As the reader would be thinking, although Squealer was lying in order to keep the pigs’ reputation at bliss, he still gave them a good reason for them to sleep in beds. Napoleon’s ignorance is also brought out and developed throughout the novel, which reflects on the importance of Orwell’s feelings towards this type of behavior. More over, in the last chapter, the seven commandments are replaced with one new one: “All animals are equal but some animals are more equal than others”. This reflects the idea of hypocrisy and moral corruption in the revolution the most.
This idea also links with lying and deceit, which obviously disgusts Orwell because he writes in a lot of detail about it. I think that these ideas are mostly reflected upon in chapter seven, which is the peak of the novel, and in a way a turning point, as the real person within each character is revealed; and this is illustrated with Orwell’s effective use of linguistic techniques and emotive language. Further more, throughout the story; principles of forgetfulness and stupidity are developed. As the animals follow like sheep and don’t really stand up for what they believe in.
This idea disgusts Orwell in a way which makes him sort of ashamed of the behavior of humans as he continuously insults the intelligence of the animals in the novel; like how some of the animals couldn’t learn the alphabet. After Napoleon becomes the leader, most of the animals forget about the main reason of this revolution, which was freedom and equality. Instead, they go back to the same old lifestyle that they had when Mr. Jones was around. Overall, I think that Orwell uses his animal fable on order to show the people what kind of corruption politics can have on the effect of human behavior.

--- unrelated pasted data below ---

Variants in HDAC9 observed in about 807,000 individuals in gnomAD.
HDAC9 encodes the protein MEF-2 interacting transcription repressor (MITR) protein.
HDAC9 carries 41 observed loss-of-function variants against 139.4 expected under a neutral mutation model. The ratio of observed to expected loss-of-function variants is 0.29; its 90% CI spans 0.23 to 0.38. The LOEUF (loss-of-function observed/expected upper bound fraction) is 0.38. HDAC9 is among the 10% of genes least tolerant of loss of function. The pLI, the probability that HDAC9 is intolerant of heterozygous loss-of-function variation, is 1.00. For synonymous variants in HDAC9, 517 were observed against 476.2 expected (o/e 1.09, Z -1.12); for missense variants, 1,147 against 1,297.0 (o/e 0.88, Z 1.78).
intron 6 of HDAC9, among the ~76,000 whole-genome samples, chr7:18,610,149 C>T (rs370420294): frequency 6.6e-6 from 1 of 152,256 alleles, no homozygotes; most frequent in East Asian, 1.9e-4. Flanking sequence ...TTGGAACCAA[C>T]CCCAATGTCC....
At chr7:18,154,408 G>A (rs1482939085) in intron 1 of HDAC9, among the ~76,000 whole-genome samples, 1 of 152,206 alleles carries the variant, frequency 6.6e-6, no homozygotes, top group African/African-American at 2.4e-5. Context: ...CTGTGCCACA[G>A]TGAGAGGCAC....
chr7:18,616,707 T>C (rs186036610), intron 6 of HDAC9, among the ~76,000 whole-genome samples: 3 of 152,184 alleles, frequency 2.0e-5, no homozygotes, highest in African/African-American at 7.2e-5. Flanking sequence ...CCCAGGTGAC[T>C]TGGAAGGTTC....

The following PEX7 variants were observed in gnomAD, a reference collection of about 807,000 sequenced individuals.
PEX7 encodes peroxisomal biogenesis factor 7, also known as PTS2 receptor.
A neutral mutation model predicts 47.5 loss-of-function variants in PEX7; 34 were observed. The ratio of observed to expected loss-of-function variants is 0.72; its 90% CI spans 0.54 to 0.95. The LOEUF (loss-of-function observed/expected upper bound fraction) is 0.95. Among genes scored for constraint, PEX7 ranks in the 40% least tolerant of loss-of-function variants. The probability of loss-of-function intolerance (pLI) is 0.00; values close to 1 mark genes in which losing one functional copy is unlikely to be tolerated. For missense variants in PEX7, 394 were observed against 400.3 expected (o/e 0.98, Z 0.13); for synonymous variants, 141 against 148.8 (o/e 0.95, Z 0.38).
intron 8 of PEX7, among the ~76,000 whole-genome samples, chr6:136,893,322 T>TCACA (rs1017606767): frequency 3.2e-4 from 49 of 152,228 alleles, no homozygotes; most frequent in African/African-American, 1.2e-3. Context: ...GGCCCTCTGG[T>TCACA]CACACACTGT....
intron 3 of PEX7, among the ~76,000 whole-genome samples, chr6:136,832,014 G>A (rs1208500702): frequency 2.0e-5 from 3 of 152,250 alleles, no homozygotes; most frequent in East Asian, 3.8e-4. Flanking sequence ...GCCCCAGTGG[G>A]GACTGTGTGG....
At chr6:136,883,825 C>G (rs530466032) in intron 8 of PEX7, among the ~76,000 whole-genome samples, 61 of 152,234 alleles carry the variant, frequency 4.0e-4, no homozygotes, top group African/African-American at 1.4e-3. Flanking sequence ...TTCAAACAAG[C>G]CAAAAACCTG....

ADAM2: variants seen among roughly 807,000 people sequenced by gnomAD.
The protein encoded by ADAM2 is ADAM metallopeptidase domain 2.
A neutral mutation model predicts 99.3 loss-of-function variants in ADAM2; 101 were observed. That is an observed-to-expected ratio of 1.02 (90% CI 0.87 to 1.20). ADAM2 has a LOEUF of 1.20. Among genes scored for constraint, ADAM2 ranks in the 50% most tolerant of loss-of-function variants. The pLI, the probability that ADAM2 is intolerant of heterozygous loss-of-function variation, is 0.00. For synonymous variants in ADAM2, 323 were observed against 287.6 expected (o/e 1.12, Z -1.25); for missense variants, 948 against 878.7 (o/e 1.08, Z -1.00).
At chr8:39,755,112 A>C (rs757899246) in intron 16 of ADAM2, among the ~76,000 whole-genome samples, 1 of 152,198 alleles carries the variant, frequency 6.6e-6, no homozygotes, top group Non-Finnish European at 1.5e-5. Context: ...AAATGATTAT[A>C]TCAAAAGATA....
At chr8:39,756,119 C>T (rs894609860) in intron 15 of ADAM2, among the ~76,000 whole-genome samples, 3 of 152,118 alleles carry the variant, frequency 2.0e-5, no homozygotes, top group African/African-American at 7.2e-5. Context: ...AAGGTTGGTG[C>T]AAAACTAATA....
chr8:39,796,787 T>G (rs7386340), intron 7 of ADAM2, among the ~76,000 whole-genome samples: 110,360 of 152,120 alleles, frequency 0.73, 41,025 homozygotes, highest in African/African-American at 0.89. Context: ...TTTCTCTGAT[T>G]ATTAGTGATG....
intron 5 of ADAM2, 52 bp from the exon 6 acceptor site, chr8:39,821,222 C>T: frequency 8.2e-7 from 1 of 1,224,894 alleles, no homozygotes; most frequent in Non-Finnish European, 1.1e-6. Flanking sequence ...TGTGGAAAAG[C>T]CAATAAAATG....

He feels strongly about this, but does not show it through psychology; he uses the political groups to show it to give a more powerful effect. He does not use a stream of consciousness or internal monologues, as most writers would, except for some insight into Clover’s thoughts in chapter seven. I personally find chapters six and seven to have the most powerful writing in them, as Orwell begins to use very influential words and phrases to develop the story and his ideologies to create a sense of meaning to the overall effect and moral of the novel.